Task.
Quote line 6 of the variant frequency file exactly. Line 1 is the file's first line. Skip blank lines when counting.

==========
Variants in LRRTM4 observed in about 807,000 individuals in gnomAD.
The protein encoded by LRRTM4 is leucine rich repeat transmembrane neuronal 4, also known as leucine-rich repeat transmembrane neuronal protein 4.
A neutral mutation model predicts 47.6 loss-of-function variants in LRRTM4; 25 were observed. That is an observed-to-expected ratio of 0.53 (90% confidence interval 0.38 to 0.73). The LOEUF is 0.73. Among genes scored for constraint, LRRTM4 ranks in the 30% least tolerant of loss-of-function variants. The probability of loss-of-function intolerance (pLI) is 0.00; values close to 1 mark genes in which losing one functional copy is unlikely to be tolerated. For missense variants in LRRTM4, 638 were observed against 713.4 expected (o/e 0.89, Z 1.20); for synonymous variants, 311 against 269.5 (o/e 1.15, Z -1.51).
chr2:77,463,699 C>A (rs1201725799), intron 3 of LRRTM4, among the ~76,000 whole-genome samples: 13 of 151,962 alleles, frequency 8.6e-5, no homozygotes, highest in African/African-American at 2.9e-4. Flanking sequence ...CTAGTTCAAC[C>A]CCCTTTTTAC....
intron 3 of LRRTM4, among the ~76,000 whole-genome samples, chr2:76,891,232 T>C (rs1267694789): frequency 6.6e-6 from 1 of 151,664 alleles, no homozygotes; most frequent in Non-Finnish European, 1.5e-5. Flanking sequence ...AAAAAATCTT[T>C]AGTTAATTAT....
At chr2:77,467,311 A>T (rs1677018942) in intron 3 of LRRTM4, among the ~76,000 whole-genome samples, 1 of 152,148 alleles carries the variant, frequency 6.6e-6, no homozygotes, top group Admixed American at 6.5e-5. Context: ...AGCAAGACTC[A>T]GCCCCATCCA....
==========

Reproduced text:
At chr2:77,467,311 A>T (rs1677018942) in intron 3 of LRRTM4, among the ~76,000 whole-genome samples, 1 of 152,148 alleles carries the variant, frequency 6.6e-6, no homozygotes, top group Admixed American at 6.5e-5. Context: ...AGCAAGACTC[A>T]GCCCCATCCA....